Mayim MishegaasMayim Mishegaas

How to get sleep when you’re nursing—without so-called ‘sleep training’

Mayim discusses the relationship between nursing and sleep (or lack thereof)
By Mayim Bialik     Published on 08/06/2018 at 10:00 AM EDT
Mayim and her nursling

For National Breastfeeding Month, Grok Nation is running a series about nursing by our founder, Mayim Bialik, who is a Certified Lactation Educator Counselor (CLEC). For her past posts full of tips, tricks and advice, click here.

Hello, breastfeeding mama. I know you’re tired. I’ll try to make this brief so you can get back to sleep. Breastfeeding is exhausting. And that baby wants to eat a LOT at night, I know. This is not a post that gives you five easy ways to get your baby to sleep through the night. This is not a post that explains how to leave your baby in a room to cry, which will magically make them able to sleep through the night. This is a post that explains the biology of sleep. And ways to shift your perspective so you all sleep better.

People make a lot of money trying to convince you that your baby should sleep through the night. Sleep consultants get paid thousands of dollars to come to your house and relieve guilt, fear and uncertainty about getting your baby to sleep through the night. But babies are not supposed to sleep more than a handful of hours in a row for the first weeks and months. Many babies nurse many times a night for at least the first year.

But we have a culture that has arbitrarily decided that that’s not OK. And look: I get it. In our modern capitalist country, productivity, independence and efficiency are praised. So a baby dependent on you to go back to sleep has been labeled as something bad.

I’ve been told that by letting my baby nurse at night that I was spoiling them, putting their needs first and raising them to be tyrants who run my house. I was told I don’t respect myself. And that there is something wrong with me for deciding to not get eight hours of sleep. 

So. I am here to speak to the moms who don’t feel right about “sleep training” their babies. Here is what I want to say to you:

  1. This too shall pass. It’s not forever. It feels like forever, but it’s not.
  2. You’re not a bad mom for “giving in” and nursing at night. You’re not weak. You’re not a martyr. You’re not raising a tyrant. I mean you might be, but it’s not because of this. 🙂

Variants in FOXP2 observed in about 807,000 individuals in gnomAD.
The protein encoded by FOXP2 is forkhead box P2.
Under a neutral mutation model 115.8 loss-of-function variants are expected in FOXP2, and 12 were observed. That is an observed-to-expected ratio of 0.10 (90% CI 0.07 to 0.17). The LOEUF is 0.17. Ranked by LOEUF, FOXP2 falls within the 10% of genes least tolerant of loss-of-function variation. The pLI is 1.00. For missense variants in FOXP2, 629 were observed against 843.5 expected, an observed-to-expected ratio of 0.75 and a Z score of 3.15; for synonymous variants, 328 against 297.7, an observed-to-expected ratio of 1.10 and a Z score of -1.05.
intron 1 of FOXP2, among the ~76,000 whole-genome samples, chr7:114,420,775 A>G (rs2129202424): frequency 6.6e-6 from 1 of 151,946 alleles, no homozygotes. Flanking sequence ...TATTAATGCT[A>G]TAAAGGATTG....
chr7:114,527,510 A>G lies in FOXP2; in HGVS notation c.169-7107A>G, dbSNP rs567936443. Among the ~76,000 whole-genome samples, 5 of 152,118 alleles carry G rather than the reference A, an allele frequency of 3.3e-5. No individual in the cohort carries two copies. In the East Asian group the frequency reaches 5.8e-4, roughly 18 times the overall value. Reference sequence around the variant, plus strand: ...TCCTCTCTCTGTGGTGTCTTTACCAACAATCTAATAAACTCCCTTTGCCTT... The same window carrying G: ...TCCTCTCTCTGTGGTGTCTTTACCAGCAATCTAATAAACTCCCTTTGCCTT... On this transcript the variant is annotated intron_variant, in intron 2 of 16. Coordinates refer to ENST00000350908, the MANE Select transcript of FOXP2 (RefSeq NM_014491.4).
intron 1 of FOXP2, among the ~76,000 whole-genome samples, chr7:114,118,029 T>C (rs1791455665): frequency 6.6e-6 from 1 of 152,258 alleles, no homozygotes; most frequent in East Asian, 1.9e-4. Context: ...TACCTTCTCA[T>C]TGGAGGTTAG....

3. Stop talking to people about your sleep unless they are your people. Truly. If people ask if your baby is sleeping through the night, smile and say “Yes.” And if you’re feeling frisky, say with a smile, “We nurse five times a night, but baby sleeps anyway!” Don’t talk to unsupportive people. Say to your well-meaning mom/in-laws/aunt/sister/friend, “I’ve decided to keep doing what I’m doing, and I’ve decided talking about it less is healthier for me and my baby.” 
  4. Go to to find a free breastfeeding mom group in your neighborhood. Those are likely your people. They can offer support and love and kindness and not judgment.
  5. My friend Allison who inspired me to have a home birth and taught me so much by having kids before me—thanks Allie!—gave me the best advice ever about nursing at night: turn the clock around. It’s so simple, but once I did it, things got better in my head. I stopped counting. I stopped crying (as much) when my babies would wake me. It seriously helped SO MUCH. So simple. So helpful. Thank you, Allie.
  6. And to the moms who are done nursing at night and need their sleep in ways many of us didn’t, here’s what I will say. You are not a bad mom for weaning at night or any time. Your mental health is important.

It will all be OK. And I know that when life was stressful, I was more bothered by the night nursing. When things felt more stable, I was less bothered. When I could nap more, I felt better. When I was not actively editing my doctoral thesis because I was waiting for edits, it got better. So know that your life and your breastfeeding are not able to be easily disentangled. It’s all related, and it’s all OK.

You are not alone as your nursling reminds you many times a night. But seriously, you can do this. Get support. Find your people. Turn the clock around. And try to find the joy and the miraculous beauty again. 

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